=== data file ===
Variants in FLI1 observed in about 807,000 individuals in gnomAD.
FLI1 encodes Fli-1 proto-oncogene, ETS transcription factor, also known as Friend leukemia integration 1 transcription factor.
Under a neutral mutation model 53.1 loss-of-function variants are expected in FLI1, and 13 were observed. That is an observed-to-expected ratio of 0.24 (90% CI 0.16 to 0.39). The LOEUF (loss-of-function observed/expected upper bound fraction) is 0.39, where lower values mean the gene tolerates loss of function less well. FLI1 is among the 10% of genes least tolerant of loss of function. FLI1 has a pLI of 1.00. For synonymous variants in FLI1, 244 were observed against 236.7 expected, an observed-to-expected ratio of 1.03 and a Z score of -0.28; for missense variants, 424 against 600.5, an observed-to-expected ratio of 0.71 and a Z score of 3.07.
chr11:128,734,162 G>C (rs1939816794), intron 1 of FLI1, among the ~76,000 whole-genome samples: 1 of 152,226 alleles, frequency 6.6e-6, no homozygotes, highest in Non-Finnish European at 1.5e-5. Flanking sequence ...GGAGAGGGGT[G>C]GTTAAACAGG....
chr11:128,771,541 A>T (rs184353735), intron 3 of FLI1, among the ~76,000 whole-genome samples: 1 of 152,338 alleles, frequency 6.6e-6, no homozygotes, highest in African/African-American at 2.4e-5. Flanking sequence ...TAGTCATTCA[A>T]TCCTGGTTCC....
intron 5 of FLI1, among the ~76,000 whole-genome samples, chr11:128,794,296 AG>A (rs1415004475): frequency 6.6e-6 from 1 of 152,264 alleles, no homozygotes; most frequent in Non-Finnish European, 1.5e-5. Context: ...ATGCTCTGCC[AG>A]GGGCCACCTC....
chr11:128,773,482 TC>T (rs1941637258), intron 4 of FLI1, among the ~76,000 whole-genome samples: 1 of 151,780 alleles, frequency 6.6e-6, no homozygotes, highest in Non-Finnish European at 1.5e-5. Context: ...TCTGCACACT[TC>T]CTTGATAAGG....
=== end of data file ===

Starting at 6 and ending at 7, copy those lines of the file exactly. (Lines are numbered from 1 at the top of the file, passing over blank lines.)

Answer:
intron 5 of FLI1, among the ~76,000 whole-genome samples, chr11:128,794,296 AG>A (rs1415004475): frequency 6.6e-6 from 1 of 152,264 alleles, no homozygotes; most frequent in Non-Finnish European, 1.5e-5. Context: ...ATGCTCTGCC[AG>A]GGGCCACCTC....
chr11:128,773,482 TC>T (rs1941637258), intron 4 of FLI1, among the ~76,000 whole-genome samples: 1 of 151,780 alleles, frequency 6.6e-6, no homozygotes, highest in Non-Finnish European at 1.5e-5. Context: ...TCTGCACACT[TC>T]CTTGATAAGG....